These Are Some Serious Times
(Ghetto Arc/XL) £11.99
Like gangsta rap, much contemporary reggae reflects the endemic gang violence in Kingston. But these 'serious times' - the title comes from Gyptian's mournful track - have also given rise to more reflective strands; reggae's social conscience is alive and kicking. This diverse compilation rounds up songs about ganja ('Rollin'), salvation (Turbulence's excellent 'Notorious', which currently introduces Radiohead gigs), the search for love (Nanko's 'Lucky') and positivity (Sizzla's 'Ain't Gonna Fall'). It gets a little treacly in places, but the dancehall is a better place for these efforts.
Not Too Late
(Blue Note ) £13.99
Yes it sounds like an Ally McBeal soundtrack, but stop tittering, pour yourself a glass of wine and listen. Crooning over the strings, mute trombone and piano tinkle, Norah's got something to say. This is the first album written almost entirely by Jones, with lover and bassist Lee Alexander lending a hand, and the pair are in a serious mood. A bitter love triangle, social unease and the 'deranged' George W Bush all get a look-in, alongside more romantic fare. If you've no appetite for protest songs, 'Thinking About You' is the perfect evocation of the Grammy-winning Come Away With Me.
Clap Your Hands Say Yeah
Some Loud Thunder
If you were willing to listen long enough to acquire a taste for singer Alec Ounsworth's mannered yowl, the art rock of CYHSY's eponymous debut had plenty to recommend it. Here, the band broaden their sound, bringing in producer Dave Fridmann on psychedelic duties. When it works, it swoons nicely, with snippets of Beatlesish pop poking through the instrumental clutter. But there's also a tendency to meander and overload slight ideas. Committed fans will swear that oddball studies like 'Satan Said Dance' are proof of genius, but the album's better songs prove that less posturing is more.
(Mercury Records) £11.99
On the Streets' 2002 debut, Mike Skinner showcased a remarkable ability to elevate everyday observations about modern Britain to poignant significance. In hijacking the Birmingham MC's style, 24-year-old Camden native Jack Allsop has succeeded in exactly the opposite regard: dumbing the euphoric down to the moronic ('I'm happier than whores with chivalrous clientele') through a barrage of inane trance-disco. By copying the Streets so closely, Just Jack only proves himself to be the musical equivalent of knock-off designer wear - a thin and tacky replica of a quality original.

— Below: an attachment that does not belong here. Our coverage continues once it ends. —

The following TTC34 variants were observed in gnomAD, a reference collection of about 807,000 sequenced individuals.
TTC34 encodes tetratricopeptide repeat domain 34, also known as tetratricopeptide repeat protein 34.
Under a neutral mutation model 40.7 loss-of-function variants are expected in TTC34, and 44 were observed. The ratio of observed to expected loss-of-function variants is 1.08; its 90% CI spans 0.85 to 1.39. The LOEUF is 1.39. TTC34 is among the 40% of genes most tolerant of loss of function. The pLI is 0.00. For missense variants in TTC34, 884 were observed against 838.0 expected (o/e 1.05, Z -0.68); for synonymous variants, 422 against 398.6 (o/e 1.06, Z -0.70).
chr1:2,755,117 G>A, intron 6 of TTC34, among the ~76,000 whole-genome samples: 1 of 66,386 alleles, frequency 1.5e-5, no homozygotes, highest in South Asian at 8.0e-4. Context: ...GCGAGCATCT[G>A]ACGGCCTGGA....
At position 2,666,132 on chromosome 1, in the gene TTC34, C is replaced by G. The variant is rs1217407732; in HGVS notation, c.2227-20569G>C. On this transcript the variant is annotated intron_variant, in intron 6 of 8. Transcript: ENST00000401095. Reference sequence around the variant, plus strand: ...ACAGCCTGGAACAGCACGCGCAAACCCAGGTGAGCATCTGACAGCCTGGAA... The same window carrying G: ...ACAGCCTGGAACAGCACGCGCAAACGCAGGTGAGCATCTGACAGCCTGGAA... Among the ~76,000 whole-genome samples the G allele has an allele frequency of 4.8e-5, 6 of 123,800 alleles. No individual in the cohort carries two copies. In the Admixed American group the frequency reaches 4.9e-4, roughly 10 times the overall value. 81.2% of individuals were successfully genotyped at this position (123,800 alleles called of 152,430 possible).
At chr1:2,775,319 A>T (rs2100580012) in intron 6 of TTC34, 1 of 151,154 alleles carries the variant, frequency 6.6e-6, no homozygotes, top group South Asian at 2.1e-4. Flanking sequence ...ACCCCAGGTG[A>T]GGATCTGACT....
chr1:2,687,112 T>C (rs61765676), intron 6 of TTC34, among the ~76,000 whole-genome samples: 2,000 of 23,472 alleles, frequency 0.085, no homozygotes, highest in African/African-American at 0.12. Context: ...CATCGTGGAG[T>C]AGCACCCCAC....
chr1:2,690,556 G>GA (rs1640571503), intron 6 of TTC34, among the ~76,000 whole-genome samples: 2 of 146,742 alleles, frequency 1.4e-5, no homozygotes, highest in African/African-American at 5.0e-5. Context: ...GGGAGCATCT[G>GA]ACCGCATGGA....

Aman Iman: Water Is Life
The Tuareg group have come a long way since their formation in the refugee camps of the Sahara a decade ago, to become established favourites on the world music festival circuit (even Thom Yorke namechecks them). This third album is by some distance the best showcase of their desert blues, thanks, in part, to the sonic clarity of producer Justin Adams. The group have also expanded their repertoire; alongside the intricate, driving guitar numbers, propelled by handclaps and laced with ululations, are slower pieces like '63', where the solitude of nomadic desert life presses eerily in.
Hank Jones, Christian McBride, Jimmy Cobb
West of 5th
Fluent, elegant, concise - Hank Jones has been held up as a model to jazz pianists for decades. Incredibly, at 88, this paragon is still at the top of his game. His light but firm touch and sculptured phrasing make perfection seem effortless. At 34, bassist Christian McBride is young enough to be Hank's grandson, but their playing matches beautifully, as does that of Jimmy Cobb, drummer on the 1959 Miles Davis classic Kind of Blue and now a comfortable 77. One of the great things about jazz is that these three can play together with complete empathy and produce such satisfying, timeless music.